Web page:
A cozy date night on Sixth Street? Head to Austin’s ultimate speakeasy

The idea of a speakeasy — dark, cozy, perhaps a little hard to find — isn’t as novel now as it was when Midnight Cowboy debuted several years ago as a sophisticated antidote to the shot-bar chaos of Sixth Street.

And yet there remains something alluring, almost romantic, about the long, lushly decorated room inside an almost shockingly drab exterior. It’s about as narrow as an alleyway and easy to miss along Austin’s row of ribaldry, rather like 12 Grimmauld Place in Harry Potter’s London: hidden until you are given the instructions on how to see it. You have to know which buzzer to push to gain entry, and only then will one of the bartenders let you in.

But with ever more hideaway places where you can grab a good drink in Austin, Midnight Cowboy must continually deliver with fun, thoughtful cocktails. That’s where Tacy Rowland, hired on as general manager of the bar just before South by Southwest last year, comes in.

Late last year, she completely overhauled the menu by launching a conceptual group of new cocktails called “The Art of Conversation.” These drinks showcase why the bar remains among the very best in town: They are nuanced experimental offerings, often twists on classics, with ingredients as wild as ricotta cheese, saffron rice and pickled mustard seeds, and many awaken the taste buds to unexpected flavors.

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The menu starts with A Proper Introduction (apricot eau-de-vie, Caperitif, honey, lemon, ricotta, jam and sparkling wine), and subsequent cocktails are called Small Talk, Back in My Day, Punch Line and the Awkward Pause. Creating the menu was a monthslong collaborative effort between Rowland and the bar staff, who helped her with flavor profiles and coming up with the themed names.

She remembers when Midnight Cowboy launched in early 2012 as a boozy side project from the Alamo Drafthouse. To her and other bartender friends, the bar was “such a trendsetter in town.”

“I just wanted to bring that energy back to it and incorporate some things I have experienced — some adventurous flavor profiles I’ve come across in traveling,” Rowland said.

Like Midnight Cowboy, she was an early fixture in Austin’s now-thriving cocktail scene. Working at downtown Mexican restaurant La Condesa, she realized bartending could be a career thanks to the influence of La Condesa’s then-executive chef Rene Ortiz. Her next mentor was Houston Eaves, with whom she worked at the then-newly open Contigo in East Austin. He is now beverage director at one of San Antonio’s best bars, the Esquire Tavern.

Both men have been inspirational, she said, as has been Bill Norris, beverage director for the Alamo. He brought Rowland in and helped form “The Art of Conversation” menu concept, though she spearheaded the project overall.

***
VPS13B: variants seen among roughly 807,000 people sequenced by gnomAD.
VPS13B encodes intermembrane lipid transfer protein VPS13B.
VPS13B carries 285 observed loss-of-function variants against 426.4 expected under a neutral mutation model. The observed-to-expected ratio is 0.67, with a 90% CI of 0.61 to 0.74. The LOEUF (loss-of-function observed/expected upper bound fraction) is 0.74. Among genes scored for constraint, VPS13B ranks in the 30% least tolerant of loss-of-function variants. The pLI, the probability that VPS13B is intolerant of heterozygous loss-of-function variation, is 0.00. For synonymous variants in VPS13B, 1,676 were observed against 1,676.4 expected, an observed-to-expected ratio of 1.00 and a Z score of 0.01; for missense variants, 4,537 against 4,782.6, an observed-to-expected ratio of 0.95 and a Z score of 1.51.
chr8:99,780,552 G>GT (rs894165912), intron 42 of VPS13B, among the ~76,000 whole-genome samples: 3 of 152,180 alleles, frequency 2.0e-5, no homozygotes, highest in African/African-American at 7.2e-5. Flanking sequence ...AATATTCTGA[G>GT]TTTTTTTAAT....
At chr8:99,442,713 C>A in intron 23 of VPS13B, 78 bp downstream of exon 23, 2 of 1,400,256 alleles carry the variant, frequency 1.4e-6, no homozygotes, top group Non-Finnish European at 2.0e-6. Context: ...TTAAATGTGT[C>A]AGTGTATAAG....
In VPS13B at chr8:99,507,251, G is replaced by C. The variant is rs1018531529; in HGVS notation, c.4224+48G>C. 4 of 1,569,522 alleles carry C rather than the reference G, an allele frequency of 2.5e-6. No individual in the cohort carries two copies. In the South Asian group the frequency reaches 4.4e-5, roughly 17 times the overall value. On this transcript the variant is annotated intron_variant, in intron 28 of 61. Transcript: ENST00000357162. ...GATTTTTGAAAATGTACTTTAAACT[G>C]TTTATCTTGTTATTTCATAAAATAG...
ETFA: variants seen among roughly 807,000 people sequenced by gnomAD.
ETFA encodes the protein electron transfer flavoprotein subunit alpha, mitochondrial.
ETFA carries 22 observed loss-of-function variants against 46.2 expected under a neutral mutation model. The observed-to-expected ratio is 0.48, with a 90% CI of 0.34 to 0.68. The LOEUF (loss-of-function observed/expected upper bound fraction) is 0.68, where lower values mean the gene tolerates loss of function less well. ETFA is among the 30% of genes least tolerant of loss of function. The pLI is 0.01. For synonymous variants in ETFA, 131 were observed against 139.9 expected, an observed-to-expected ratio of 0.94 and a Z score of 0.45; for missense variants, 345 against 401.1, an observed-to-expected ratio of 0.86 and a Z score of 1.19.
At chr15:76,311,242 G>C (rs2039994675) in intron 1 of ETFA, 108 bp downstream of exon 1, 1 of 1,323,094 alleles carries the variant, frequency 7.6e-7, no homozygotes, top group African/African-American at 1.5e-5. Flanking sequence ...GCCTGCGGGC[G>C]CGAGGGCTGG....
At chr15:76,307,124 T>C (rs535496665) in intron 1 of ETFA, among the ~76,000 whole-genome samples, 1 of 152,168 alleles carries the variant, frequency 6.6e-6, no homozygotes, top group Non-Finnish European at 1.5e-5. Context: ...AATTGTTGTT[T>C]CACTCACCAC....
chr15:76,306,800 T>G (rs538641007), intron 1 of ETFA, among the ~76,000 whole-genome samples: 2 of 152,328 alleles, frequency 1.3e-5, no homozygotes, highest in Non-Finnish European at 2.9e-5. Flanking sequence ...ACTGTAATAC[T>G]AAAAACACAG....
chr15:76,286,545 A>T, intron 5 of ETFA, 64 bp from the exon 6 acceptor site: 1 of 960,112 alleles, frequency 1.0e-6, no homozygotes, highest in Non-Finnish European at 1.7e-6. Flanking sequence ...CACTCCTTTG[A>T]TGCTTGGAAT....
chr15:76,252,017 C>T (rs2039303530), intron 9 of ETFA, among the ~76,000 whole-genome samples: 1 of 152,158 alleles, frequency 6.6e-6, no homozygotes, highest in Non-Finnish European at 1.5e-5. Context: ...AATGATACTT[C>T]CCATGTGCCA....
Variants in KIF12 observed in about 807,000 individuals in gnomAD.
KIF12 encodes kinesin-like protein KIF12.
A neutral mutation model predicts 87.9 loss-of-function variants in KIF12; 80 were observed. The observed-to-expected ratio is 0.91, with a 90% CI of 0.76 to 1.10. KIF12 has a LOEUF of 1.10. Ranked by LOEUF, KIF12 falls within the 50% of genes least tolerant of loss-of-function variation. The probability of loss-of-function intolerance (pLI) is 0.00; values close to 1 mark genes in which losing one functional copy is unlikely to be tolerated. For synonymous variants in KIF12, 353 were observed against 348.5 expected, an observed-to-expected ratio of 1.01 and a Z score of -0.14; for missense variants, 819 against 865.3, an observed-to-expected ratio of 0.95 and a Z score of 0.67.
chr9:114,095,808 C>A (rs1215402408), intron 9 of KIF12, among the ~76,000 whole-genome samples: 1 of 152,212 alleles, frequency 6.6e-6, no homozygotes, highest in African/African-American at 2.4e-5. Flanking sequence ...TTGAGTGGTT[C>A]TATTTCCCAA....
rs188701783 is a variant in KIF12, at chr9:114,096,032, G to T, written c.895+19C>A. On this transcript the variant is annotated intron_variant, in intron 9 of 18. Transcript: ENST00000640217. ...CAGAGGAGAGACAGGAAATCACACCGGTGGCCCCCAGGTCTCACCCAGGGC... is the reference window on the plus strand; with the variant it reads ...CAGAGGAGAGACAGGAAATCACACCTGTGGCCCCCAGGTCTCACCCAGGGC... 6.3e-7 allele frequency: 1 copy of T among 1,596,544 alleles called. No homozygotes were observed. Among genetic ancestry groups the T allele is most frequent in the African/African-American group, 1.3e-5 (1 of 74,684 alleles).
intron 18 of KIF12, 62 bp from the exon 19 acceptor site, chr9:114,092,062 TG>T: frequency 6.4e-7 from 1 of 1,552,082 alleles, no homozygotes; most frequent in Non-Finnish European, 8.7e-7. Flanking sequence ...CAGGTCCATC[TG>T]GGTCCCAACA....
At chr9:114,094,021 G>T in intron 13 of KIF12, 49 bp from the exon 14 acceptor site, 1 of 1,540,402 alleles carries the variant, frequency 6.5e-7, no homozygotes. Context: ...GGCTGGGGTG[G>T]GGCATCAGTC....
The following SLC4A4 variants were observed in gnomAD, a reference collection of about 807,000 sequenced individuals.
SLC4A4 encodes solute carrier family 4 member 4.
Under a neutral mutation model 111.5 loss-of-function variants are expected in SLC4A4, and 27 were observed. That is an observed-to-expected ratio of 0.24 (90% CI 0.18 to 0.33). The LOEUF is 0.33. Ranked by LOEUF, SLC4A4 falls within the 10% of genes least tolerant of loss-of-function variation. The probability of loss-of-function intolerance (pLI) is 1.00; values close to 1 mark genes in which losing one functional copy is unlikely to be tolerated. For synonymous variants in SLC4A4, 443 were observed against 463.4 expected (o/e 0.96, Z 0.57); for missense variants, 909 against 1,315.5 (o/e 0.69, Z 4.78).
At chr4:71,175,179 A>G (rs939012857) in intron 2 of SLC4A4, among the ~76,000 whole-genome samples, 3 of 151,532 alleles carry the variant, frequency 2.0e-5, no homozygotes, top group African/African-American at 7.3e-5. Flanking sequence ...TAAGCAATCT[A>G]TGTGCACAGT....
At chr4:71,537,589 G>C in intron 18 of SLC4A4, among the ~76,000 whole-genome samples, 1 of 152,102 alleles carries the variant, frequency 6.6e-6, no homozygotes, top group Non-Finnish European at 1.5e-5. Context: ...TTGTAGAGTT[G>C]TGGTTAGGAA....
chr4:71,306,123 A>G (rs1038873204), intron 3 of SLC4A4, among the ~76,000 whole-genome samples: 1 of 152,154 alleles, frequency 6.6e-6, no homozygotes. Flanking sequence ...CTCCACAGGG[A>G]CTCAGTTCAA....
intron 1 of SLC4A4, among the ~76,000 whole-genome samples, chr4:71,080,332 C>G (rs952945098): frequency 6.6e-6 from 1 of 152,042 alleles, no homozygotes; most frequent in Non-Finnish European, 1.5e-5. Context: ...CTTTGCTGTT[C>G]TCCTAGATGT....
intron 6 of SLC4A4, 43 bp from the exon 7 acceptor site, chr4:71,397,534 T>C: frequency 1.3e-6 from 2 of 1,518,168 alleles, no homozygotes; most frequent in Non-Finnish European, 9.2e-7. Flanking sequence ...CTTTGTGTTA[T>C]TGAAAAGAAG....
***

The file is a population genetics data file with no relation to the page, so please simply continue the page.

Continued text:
“We liked the idea of a conceptual menu with kind of a direction to it, and this place has always been about conversation,” she said. “The idea that you can come in and have a space that’s set aside for you and your guests, and you’re not going to be interrupted by the insanity of Sixth Street outside.”

That has been a tenet of Midnight Cowboy from the beginning. Guests are encouraged to make a reservation ahead of time, though walk-ups are welcome depending on availability. You then have two hours to enjoy at least a couple of drinks while sitting at one of the leather booths lined along either side of the narrow main room. Most of the time, you won’t see the cocktails being made, but bartenders do help you understand the menu and find the flavors you are seeking.

And, boy, the flavors can be rather unexpected. Take A Proper Introduction. It’s served in a long test tube-like glass held up by a three-legged metallic stand and almost looks more like a wacky science experiment than a drink. But rest assured that it’s delicious and quite different from other sparkling wine drinks, which “tend to be light and bright,” Rowland said. The ricotta lends a creamy texture, the apricot jam some depth.

RELATED: The best drinking spots that opened in Austin in 2017

For Rowland, incorporating traditionally culinary ingredients and techniques into her bar program is paramount.

“To me, that’s what’s fun and exciting,” she said. “There’s been kind of a move back toward classics and three-ingredient cocktails. I understand the appeal, but at the end of the day, I feel like we’ve pretty much all had those before. We have more access to ingredients and techniques and spirits and flavor profiles than we ever have, so why not take advantage of it and have fun with it?”

A few of the drinks on the menu are stirred rather than shaken, and their relative simplicity allows the bartenders to make them in front of you with help from a bar cart. One of those is Talk Dirty to Me (gin, vodka or mezcal; tarragon-soaked vermouth; caperberry juice and lemon oils). Order it with mezcal, as the Alipus San Baltazar pairs sublimely with the briny backbone of the caperberry juice.

It’s fitting, perhaps, that Rowland’s best new offering is this playful twist on the dirty martini. The man, after all, who helped make the martini the benchmark drink it is today is Harry Craddock — the name everyone buzzes for entry into Midnight Cowboy.

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